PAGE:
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A retreat for Google Glass and a case study in the perils of making hardware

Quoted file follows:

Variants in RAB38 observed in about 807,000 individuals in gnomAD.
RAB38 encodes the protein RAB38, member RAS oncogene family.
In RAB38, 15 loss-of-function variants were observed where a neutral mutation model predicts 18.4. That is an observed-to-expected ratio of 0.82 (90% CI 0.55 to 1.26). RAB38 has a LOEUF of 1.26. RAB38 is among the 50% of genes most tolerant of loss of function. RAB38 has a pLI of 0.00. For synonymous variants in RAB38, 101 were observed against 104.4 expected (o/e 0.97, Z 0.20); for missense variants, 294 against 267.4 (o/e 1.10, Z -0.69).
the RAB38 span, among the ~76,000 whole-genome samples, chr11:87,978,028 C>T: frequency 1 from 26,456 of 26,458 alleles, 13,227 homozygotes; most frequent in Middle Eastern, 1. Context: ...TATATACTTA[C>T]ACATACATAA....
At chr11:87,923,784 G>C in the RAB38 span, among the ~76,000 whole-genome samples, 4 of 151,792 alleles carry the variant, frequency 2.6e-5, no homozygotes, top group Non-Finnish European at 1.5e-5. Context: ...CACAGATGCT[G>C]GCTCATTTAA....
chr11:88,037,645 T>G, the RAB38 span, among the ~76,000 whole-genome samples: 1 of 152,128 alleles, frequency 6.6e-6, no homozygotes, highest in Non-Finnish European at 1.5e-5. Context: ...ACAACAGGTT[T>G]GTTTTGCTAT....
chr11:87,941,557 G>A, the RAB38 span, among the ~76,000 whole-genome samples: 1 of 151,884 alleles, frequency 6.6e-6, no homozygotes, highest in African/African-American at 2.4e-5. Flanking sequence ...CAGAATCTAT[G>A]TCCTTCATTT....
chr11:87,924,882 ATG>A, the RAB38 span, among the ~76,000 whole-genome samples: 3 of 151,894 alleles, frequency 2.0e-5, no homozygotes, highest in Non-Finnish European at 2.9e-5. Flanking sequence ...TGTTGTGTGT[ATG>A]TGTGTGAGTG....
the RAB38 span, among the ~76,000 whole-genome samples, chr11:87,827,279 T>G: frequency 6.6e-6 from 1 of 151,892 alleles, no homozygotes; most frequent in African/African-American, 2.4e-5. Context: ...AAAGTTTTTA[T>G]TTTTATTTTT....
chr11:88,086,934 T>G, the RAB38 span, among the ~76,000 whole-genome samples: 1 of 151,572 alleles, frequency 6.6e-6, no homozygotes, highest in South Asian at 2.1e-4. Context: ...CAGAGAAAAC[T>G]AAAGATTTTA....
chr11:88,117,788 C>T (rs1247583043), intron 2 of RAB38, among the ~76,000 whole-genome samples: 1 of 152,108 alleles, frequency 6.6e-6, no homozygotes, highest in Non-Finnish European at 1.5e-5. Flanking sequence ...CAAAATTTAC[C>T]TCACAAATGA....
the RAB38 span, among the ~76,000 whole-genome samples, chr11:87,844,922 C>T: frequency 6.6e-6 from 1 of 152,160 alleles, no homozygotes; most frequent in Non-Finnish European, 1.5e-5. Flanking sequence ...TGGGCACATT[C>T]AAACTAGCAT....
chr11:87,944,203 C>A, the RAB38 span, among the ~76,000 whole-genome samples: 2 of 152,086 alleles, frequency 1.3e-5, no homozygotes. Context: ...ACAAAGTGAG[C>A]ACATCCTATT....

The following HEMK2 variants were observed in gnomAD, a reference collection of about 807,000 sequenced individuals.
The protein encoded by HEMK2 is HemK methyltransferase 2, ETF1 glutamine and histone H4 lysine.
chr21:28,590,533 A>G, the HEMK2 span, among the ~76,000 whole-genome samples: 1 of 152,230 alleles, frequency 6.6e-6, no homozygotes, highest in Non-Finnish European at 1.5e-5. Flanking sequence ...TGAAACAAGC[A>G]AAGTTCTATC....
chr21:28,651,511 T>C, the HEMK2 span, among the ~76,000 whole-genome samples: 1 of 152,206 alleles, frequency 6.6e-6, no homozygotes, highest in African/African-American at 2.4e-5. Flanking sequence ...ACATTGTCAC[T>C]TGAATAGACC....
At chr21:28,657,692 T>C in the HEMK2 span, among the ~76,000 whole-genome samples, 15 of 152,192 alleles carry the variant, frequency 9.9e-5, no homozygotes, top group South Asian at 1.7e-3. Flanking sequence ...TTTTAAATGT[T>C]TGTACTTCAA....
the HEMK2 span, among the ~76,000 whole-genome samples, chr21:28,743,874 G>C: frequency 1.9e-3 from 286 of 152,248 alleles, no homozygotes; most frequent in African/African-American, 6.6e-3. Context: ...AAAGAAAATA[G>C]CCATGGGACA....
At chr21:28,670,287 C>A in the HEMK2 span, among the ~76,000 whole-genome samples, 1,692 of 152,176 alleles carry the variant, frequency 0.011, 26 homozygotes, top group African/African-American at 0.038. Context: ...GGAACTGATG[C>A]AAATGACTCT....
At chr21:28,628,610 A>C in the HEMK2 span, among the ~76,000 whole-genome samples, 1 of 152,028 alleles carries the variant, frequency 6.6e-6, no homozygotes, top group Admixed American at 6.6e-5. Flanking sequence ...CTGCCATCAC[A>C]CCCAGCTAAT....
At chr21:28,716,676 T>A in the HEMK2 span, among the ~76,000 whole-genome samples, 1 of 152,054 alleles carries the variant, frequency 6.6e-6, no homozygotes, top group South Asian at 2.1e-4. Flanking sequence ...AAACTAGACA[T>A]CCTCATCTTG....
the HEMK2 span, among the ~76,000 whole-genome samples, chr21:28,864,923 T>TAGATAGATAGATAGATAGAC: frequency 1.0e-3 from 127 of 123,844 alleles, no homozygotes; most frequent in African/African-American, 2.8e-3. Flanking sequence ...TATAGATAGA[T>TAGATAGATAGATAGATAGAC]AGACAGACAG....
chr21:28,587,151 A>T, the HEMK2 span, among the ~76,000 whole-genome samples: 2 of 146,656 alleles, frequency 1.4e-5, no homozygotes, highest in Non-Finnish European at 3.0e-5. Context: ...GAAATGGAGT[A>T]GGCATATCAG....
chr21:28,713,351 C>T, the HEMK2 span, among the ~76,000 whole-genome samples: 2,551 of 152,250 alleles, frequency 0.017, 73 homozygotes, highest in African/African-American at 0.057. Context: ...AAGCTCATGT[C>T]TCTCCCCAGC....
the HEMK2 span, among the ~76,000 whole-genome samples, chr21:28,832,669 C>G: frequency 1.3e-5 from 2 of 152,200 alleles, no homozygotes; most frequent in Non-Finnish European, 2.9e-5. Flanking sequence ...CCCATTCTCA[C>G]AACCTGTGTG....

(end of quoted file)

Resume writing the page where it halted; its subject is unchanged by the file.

NEW YORK — You won’t have Glass to kick around anymore. At least not for a while. Google will stop selling its Google Glass smart glasses, and the product will no longer be developed by Google X, the company’s research division. In a blog post, Google said Glass will still be available to “certified partners” and for commercial trials in places like hospitals and factories. But the Explorer program, in which software developers and gadget nerds could buy a test version, is over. The company is not abandoning Glass — but it is pressing the reset button. In an unusual arrangement, the company says Glass will stay within Google, but its chief, Ivy Ross, will report to Tony Fadell, who helped design and create Apple’s iPod before inventing the Nest thermostat. Google acquired Nest last year. “Google decided that they need to turn this product over to someone who knows how to bring a consumer product to market, both from a design perspective and a marketing perspective,” said J.P. Gownder, an analyst at Forrester Research. It is a humbling retreat for Glass, the Internet-connected glasses that allow users to do things like snap pictures with the blink of an eye or send e-mails with their voice. Glass may be a case study in the perils of developing hardware whose purpose is not clear. The device was banned by bars and large parts of Las Vegas. West Virginia tried to make it illegal to use while driving. “There’s no vision for why people actually need this device,” Gownder said. “That’s a problem.” — NEW YORK TIMES